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How to Buy a Used Hunting Rifle

Hunting Rifles(Photo/Shutterstock)
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There are plenty of hidden gems filling the corners of mom-and-pop gun shops, and here’s a guide to buying them.

With the exception of a few, all my guns have previous owners. Most of them I bought while I worked in a gun shop during college or are family heirlooms (which my family also bought used). And I’ve had little to no function issues with most of these rifles. In fact, some of them are near immaculate.

I actually prefer buying used. Whether it’s a new/out-of-box return or a scarred-up deer rifle with unknown initials etched into the stock, there’s something alluring about toting a rifle with history. And because I’ve worked on that side of the business, it’s hard for me to pay full price for anything.

Make no mistake, there are plenty of guns lining pawn shop shelves that are better suited for scrap than shooting, and most of these are obvious. Some, not so much. And while (in the famous words of every used firearm salesman) there are no guarantees, these tips can help you find your next used rifle and give it a second life.

How to Buy a Used Hunting Rifle

Buy During the Summer

During the summer months when the fishing slows and hunting seasons are distant thoughts on the horizon, gun sales wane. This can be a killer time to take advantage of slow business and swing a great deal on a rifle.

During my 5 years working at a gun shop, sales would decline at the end of turkey season until they reached an abysmal low shortly into June. Those summer months were a dead zone until the end of September. Some days, we were lucky to make a handful of sales.

The worst days saw a single ticket in the sales drawer. To encourage sales and move inventory, we’d often select a dozen or so used hunting rifles and slash their prices (a few below cost). And if someone wanted to haggle the price on other rifles, we would happily oblige.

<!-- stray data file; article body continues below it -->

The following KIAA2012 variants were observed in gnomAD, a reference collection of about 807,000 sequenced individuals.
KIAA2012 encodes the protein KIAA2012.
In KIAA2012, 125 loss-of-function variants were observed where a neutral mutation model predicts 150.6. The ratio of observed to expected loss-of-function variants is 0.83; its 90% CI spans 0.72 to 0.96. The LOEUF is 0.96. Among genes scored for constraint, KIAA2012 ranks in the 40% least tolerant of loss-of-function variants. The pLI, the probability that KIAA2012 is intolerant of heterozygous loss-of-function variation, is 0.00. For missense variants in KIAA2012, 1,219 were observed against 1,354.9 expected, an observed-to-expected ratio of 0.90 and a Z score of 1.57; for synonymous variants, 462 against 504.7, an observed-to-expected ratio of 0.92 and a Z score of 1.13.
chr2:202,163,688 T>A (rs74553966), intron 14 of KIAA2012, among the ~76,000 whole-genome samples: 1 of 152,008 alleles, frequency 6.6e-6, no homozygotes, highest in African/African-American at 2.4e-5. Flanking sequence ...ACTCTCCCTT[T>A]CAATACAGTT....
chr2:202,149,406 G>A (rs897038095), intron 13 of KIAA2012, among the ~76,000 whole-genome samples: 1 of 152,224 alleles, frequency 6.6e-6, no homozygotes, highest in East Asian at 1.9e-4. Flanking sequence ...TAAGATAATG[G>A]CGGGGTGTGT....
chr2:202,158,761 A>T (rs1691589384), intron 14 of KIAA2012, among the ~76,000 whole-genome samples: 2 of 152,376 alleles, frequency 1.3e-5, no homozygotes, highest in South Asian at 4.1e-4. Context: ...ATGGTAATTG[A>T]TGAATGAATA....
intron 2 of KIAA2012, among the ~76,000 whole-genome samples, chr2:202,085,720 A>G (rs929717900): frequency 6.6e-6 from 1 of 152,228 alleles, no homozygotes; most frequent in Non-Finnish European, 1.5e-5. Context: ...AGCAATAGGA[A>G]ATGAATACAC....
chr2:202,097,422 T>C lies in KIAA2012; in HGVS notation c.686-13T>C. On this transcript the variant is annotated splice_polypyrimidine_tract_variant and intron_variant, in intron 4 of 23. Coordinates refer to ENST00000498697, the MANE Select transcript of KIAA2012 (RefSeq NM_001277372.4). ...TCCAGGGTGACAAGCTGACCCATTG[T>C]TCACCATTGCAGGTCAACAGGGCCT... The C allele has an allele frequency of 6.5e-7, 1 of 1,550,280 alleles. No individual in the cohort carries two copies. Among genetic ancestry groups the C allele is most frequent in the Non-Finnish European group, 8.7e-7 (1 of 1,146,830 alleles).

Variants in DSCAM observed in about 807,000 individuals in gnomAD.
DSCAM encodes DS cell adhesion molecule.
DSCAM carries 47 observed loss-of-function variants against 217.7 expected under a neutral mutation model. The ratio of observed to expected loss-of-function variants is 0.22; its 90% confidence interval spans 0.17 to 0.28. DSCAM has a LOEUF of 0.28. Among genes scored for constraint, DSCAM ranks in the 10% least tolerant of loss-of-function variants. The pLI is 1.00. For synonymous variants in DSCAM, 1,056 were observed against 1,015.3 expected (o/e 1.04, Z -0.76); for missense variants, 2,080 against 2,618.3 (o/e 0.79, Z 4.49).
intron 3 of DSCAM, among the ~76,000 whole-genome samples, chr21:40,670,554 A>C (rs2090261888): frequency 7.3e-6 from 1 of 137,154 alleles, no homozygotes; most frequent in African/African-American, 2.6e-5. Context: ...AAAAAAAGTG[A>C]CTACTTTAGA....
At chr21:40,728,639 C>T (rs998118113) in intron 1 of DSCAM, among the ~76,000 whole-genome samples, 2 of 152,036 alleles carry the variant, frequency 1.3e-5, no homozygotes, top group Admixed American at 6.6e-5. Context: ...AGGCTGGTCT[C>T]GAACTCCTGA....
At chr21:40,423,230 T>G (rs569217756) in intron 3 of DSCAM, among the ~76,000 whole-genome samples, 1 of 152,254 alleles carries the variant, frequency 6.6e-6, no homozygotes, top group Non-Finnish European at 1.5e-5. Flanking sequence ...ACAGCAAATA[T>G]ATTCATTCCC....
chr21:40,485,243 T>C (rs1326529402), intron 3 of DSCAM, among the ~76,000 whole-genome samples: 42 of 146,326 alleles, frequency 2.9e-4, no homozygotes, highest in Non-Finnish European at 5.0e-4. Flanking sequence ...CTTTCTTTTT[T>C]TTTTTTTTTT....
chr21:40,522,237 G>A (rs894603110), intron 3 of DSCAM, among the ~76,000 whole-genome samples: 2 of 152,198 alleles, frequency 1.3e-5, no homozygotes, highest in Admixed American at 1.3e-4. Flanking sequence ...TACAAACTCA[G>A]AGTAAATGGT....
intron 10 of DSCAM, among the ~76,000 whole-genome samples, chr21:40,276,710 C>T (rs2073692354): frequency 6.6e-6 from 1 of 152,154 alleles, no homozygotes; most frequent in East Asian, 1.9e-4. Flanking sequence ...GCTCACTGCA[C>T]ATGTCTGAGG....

We would take offers during the summer that we would readily dismiss during hunting season. And trust me, we weren’t the only gun shop in town doing this. I’m willing to bet your local gun shop probably does something similar.

Never Pay Sticker Price (Within Reason) for a Used Hunting Rifle

Gun Shop
(Photo/Shutterstock)

Here’s a not-so-secret secret: Gun stores have to make a profit, and this means they charge more than what they pay for someone’s used or pawned gun. It’s a pretty simple business model. This also means they probably have some wiggle room when it comes to the price.

Don’t expect to score half off the sticker price, but a few hundred or even $50 off a used hunting rifle adds up.

Used/New-in-Box or Returns

While working at this same gun shop, I would sometimes have customers return a brand-new rifle. They’d get home only to realize it wasn’t the one they really wanted or cite a financial disagreement with their significant other. Then, we’d have to knock a few bucks off the price, and label it “demo” or used/new-in-box because it was technically used.

I’ve spotted countless instances like this wading through gun shops over the years. And while you won’t save a ton, it’s enough for a box of ammo.

Ask About Used-Buy Policies or Returns

There’s always some risk involved with buying a used gun, even when you do your best to check for red flags. Before you drop any cash, make sure you know the return policy, if there is one. “As-is” guns usually negate any kind of returns, so avoid these unless you’re a gunsmith or you know a good one.

Check for Previous Owner Alterations

Gun Alterations
(Photo/Shutterstock)

One thing you don’t want to buy is someone’s first attempt at gunsmithing. Most gun shops worth anything won’t buy a firearm that’s been noticeably modified (unprofessionally, at least). But every now and then, a few slip under the radar.

Thankfully, most botched jobs show up cosmetically, and they’re easy to spot. Still, make sure the action operates as designed and double-check the return policy.

Don’t Forget About “Throw-Ins”

A lot of local gun stores don’t mind throwing in a box of ammo, scope covers, or a few targets after you purchase a gun from them if they don’t offer it right away. If they don’t budge on the price, they’re more likely to give you one of these as a consolation prize.

I’m not advocating that you always heckle the guys at your local gun shop, but if they do cut you a sweet deal, make sure you let them know you appreciate it by giving them return business. Especially if you plan on adding to your used gun collection in the future.

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